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A special briefing on health care, “Health Care Reform: Opportunities for New Directions”, was held yesterday at the Legislative Office Building in Hartford. Spectators almost filled the room. Speakers included Congressman Christopher Murphy, 5th District; Joy Johnson Wilson, Health Policy Director for the National Conference of State Legislators; and Enrique Martinez-Vidal, Vice President of State Coverage Initiative for the Robert Wood Johnson Foundation and Academy Health. The briefing was sponsored by the Annie E. Casey Foundation and the Universal Health Care Foundation of Connecticut.

Congressman Murphy thinks there are excellent prospects for reform at the federal level because of the economy, the desire of the American people, and a President who has made health care reform a priority. The downturn in the economy has led more people to see health care reform as urgent, especially as more people are losing their jobs and their employer-sponsored health coverage along with them. Because their constituents see reform as important, this is reflected in Congress. There are different types of health reform plans at the federal level, including single payer, making it easier for groups to combine for the purposes of providing health care, and some type of mandate (either individual or employer).

According to Congressman Murphy, a public plan, which would compete in the private market, would test out a single payer system on a smaller scale. He also said that the work on health care reform that is being done in states like Connecticut is pushing the federal government to take action. When asked about the timetable for reform, Mr. Murphy stated that they are hoping for something by the end of the summer. But to use the reconciliation process, Congress won’t be able to vote until October 15, 2009.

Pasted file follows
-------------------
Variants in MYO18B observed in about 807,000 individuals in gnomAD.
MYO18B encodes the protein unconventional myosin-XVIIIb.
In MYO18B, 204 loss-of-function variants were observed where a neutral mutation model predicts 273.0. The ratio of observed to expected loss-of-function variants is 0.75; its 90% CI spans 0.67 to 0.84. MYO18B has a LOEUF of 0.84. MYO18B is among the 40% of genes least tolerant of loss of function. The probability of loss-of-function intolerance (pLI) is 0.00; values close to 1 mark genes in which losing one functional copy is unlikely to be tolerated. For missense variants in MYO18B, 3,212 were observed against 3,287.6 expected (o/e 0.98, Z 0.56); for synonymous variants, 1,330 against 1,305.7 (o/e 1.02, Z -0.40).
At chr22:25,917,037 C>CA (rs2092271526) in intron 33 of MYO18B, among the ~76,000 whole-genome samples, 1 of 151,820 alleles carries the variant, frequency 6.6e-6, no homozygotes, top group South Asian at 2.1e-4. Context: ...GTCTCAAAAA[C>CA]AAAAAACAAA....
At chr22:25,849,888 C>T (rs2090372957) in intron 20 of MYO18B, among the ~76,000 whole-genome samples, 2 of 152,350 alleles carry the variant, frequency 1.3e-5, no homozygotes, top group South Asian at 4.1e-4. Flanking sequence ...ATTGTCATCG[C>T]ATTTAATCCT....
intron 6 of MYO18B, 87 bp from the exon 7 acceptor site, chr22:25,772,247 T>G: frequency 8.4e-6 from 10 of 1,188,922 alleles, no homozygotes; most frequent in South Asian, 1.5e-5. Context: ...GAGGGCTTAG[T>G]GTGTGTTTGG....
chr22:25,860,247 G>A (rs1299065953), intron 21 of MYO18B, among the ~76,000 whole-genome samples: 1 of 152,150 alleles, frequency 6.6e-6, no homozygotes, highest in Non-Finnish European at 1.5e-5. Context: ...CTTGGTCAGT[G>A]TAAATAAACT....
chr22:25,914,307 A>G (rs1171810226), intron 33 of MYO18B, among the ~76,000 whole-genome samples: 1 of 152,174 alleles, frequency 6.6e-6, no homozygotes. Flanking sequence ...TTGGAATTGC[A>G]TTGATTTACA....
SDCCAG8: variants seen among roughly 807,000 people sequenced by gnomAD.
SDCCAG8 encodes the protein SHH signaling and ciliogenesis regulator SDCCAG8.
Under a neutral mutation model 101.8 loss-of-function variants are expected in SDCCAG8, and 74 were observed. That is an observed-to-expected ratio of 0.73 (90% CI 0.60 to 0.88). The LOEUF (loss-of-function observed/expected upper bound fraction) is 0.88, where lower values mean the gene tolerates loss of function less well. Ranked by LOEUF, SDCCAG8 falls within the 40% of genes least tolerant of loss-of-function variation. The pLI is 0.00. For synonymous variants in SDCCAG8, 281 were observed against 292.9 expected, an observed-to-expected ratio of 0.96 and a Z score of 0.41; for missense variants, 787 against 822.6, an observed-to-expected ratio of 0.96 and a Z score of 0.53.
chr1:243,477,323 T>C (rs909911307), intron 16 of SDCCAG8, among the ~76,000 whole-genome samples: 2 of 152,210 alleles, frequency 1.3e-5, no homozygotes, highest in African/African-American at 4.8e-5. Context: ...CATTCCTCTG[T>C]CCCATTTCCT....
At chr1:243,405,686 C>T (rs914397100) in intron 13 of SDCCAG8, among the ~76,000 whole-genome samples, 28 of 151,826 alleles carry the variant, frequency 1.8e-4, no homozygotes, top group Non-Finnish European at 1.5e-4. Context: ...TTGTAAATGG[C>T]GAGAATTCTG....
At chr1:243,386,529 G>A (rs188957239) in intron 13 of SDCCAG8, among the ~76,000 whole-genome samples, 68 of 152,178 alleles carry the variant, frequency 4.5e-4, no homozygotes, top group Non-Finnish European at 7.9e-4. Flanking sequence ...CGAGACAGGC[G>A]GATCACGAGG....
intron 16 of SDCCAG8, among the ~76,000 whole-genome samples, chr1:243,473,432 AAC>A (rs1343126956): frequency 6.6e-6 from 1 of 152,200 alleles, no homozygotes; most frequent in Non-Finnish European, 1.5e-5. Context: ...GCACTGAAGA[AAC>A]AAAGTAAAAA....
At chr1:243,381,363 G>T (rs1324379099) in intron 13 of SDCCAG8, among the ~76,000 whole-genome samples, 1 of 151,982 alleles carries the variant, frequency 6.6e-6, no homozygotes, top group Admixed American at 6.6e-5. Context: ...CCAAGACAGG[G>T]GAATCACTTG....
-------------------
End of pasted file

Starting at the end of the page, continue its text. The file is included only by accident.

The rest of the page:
Ms. Johnson Wilson spoke about challenges and opportunities for states, some of which are overlapping. The economy presents a challenge because of limited funding and all of the other problems that come with a recession but an opportunity because it forces us to concentrate on the problem of health care reform and reduce inefficiencies. The American Recovery and Reinvestment Act (ARRA) of 2009 has placed more restrictions on funding than did previous federal economic assistance to states.

On the federal level, some areas of consensus are: the expansion of Medicaid, improving quality, expanded use of health information technology, refocusing on primary care and preventive health, and increasing transparency and accountability. Some of the areas on which there is disagreement are: a public plan option, individual or employer mandates, and changing the tax treatment of health care premiums in the employer-based system. According to Ms. Johnson Wilson, draft bills for health care reform will be available in the next 2-3 weeks. The goal is for the bills to be reviewed on the floor before the recess in August. Congress will have to find offsets for some of the spending on health care.

Enrique Martinez-Vidal gave some examples of insurance market reforms that states are working on, including extending coverage for dependants past the age of 18, eliminating pre-existing condition exclusions when someone is going from one insurance policy to another (including the individual market), and merging the small group and individual markets. Some of the cost containment and quality improvement goals for the states are: an emphasis on preventive care and primary care, care management for chronic illness, health information technology, and value-based purchasing.
Jen Ramirez